A quick history lesson: Radio dramas, dramatized acoustic performances, find their roots in the world of théàtrophone. Prior to the development of radio technology, between the 1900s and 1920s, people would set up a network of lines to listen to live performances. After the development of radio technology, A Comedy Of Danger became the first play written with the intention to be performed on the radio. It aired in 1924 on the BBC network. 

The National Youth Administration: A Radio Drama is a piece written in 1937,” Privatt said. “There was part of a whole set of programing that came out of the Great Depression and the Works Progress Administration, which more specifically had a unit that was the Federal Theatre Project.” 

The National Youth Administration (NYA) was a program geared toward providing jobs and education for people ages 16-25. This radio drama was propaganda to increase support of and knowledge about the program.

When deciding what radio drama to produce with her Lawrence students, Privatt remembered the Federal Theatre Project and its radio drama sector. This set of plays was especially interesting to Privatt because of the parallels that can be drawn between this global pandemic and the ensuing economic fallout and the era in which this play was written.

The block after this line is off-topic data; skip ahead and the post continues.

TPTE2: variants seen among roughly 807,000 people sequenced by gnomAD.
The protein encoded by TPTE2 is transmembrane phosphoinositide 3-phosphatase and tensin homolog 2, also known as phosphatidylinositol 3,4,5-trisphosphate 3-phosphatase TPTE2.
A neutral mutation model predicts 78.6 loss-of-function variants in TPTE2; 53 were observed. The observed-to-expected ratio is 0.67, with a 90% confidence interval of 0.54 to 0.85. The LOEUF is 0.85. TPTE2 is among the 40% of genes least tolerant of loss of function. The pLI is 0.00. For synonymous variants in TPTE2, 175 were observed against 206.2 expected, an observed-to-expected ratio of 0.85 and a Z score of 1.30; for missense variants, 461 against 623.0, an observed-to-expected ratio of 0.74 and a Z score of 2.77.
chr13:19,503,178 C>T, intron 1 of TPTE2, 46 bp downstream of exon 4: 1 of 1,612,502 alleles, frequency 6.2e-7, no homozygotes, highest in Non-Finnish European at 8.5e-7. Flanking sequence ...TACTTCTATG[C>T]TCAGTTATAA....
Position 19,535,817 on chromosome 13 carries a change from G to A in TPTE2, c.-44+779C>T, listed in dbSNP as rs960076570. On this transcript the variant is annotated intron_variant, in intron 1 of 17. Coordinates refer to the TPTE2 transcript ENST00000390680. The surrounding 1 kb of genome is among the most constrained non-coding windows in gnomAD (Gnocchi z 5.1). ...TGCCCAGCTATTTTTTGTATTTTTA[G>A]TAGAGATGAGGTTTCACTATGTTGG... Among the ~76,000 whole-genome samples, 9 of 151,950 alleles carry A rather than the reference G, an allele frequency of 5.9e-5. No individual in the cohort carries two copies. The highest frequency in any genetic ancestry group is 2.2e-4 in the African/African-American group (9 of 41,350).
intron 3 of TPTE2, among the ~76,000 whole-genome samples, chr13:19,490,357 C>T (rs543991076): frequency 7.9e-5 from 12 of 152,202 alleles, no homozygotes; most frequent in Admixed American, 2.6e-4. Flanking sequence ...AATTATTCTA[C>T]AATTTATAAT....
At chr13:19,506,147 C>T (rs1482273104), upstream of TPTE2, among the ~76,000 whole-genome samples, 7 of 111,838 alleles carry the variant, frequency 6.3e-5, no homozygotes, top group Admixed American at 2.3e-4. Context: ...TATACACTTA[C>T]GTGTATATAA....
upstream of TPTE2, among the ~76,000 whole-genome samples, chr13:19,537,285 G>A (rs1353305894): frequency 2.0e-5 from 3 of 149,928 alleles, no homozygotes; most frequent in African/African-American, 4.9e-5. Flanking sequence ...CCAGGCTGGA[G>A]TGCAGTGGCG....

Privatt decided the radio drama was “something we can really hone in on.” And when she found the Federal Theatre Project, she knew she struck the right chord.

“When I found that script it just felt right,” she said. 

“It’s been creatively motivating”  

Learning about the connections between America shortly after the Great Depression and our present situation has also been interesting for the students involved. Unlike the spring production in years past, where Privatt would have a year to prepare the piece that students would perform, she had roughly two weeks. With this, she decided to make the show a collaborative effort, where students have the opportunity to use their research skills to learn more about life during this time.